Good intentions alone cannot outweigh the force of oppression and discrimination in the society within which we operate. Institutions from the Catholic Church to left political parties have perpetuated or excused abuse and have exacerbated this by operating outside of the legal system. When transgressions occur that are within the reach and scope of the criminal justice system, such issues may be referred to the legal system unless the victim decides otherwise.


  1. Meeting places and procedures

Wherever possible we will:

  1. a) Hold meetings in accessible venues and cater for the access needs of members and supporters.
  2. b) Hold meetings at times that recognise members caring responsibilities.
  3. c) Use IT (streaming, Skype, etc) to facilitate the participation of those unable to attend.
  4. d) Provide childcare or assistance with child-minding fees.
  5. e) Provide a supervised quiet room at large events.
  6. f) Have regular access breaks at all meetings.
  7. g) Circulate agendas and motions well in advance.
  8. h) Avoid overcrowded agendas, which tend to inhibit discussions.

Conferences, training events and workshops are alcohol and illicit drug-free. There shall be no consumption of alcohol in the venue during the specified conference, training event or workshop hours.


  1. Conduct

We aim for meetings to be well chaired so that all the different voices and opinions can be heard, business can be progressed, and everyone is safe. The chair must conduct the meeting in a democratic and inclusive way, ensuring that everyone has the chance to speak. Left Unity will provide training for chairing meetings inclusively.

All members should:

  1. a) Respect the chair.
  2. b) Give each person the time and space to speak. Listen and don’t prejudge.
  3. c) In large groups, use recognised hand signals to indicate you wish to speak. (The chair should clarify these hand signals at the start of each meeting.)
  4. d) Behave respectfully towards each other and try to consider other people’s needs (as would be normal in a well-unionised workplace).
  5. e) Be tolerant of different habits and norms – for example, the youth and elders might make more noise!
  6. f) Accept that sometimes we must agree to disagree.
  7. g) Reserve venom for those who would destroy our organisation and political actions.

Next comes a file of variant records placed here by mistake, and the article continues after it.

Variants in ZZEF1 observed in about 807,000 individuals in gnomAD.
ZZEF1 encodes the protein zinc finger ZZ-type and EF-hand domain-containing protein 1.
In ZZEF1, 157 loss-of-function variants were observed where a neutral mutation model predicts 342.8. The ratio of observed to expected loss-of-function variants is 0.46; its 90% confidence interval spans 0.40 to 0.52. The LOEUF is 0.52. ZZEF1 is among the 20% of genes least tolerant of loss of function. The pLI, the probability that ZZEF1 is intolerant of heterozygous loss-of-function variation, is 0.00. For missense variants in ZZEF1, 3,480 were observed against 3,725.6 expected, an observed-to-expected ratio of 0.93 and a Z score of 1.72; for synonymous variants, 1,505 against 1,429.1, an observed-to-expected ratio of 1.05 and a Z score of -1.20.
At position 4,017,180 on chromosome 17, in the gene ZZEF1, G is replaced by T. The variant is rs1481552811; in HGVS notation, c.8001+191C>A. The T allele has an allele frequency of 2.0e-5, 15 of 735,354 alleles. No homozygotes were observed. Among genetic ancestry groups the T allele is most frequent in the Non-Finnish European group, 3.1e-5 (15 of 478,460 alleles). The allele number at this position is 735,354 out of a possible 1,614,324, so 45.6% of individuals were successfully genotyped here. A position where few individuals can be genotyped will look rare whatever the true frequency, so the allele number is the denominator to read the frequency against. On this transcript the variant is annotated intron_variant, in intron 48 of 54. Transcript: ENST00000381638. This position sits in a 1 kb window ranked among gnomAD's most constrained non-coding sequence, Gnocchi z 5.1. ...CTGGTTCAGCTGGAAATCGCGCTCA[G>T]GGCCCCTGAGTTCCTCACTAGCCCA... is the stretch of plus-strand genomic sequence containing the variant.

8. h) Respect each other’s physical (and emotional) boundaries.
  9. i) Try to be aware of the positions and privileges you may be conveying, including racial, class and gender privilege. Be aware of the language you use in discussion and how you relate to others.
  10. j) If a member of an oppressed group requests that you change your use of language, be respectful and change it. Feel free to ask for clarification.

It is everyone’s responsibility to ensure that meetings and actions are safe and inclusive, to challenge unacceptable or discriminatory behaviour and language, and to support each other in this. It is easy to trivialise the challenges faced by people in oppressed groups. For example, until you accompany someone in a wheelchair on a journey, you are unlikely to notice all the obstacles and disrespect that they face day after day. Similarly, it is easy for white people to underestimate the challenges faced by people of colour, for men to overlook the challenges faced by women, and for those more fortunate to not understand how difficult it can be for those who have been oppressed to have confidence and to speak up, and so on. Sometimes all it takes is a gentle touch on someone’s sleeve or a shake of the head to indicate that something is unacceptable, although when it needs spelling out, we must do so. We should all strive to accept such challenges without undue defensiveness and to be open to learning from each other and firm in our commitment to grow and create a culture of cooperation, patience and mutual respect.

Left Unity does not tolerate violence, intimidation, stealing or abusive behaviour. Members who indulge in such behaviour may face suspension or expulsion from the party and referral to the police.


  1. Sexual and Power Relationships

Regulating people’s sexual and personal lives is not the business of the party, unless a member’s position within the party is used to secure inappropriate or abusive relationships. We expect members to keep to rules on sexual conduct that are normal within the well-unionised working environment.

In particular it is unacceptable to use political position, power, resources or pressure to help secure relationships and responsibility must be shown towards young people. Young members will do as they choose, in time honoured fashion, but it is imperative that they are safe in Left Unity.


  1. Bullying

Bullying can be distinguished from other forms of giving offence because it is part of a repeated or overall pattern and it often involves the abuse of power. This power may reside in position, status or in the imbalance between oppressing and oppressed groups.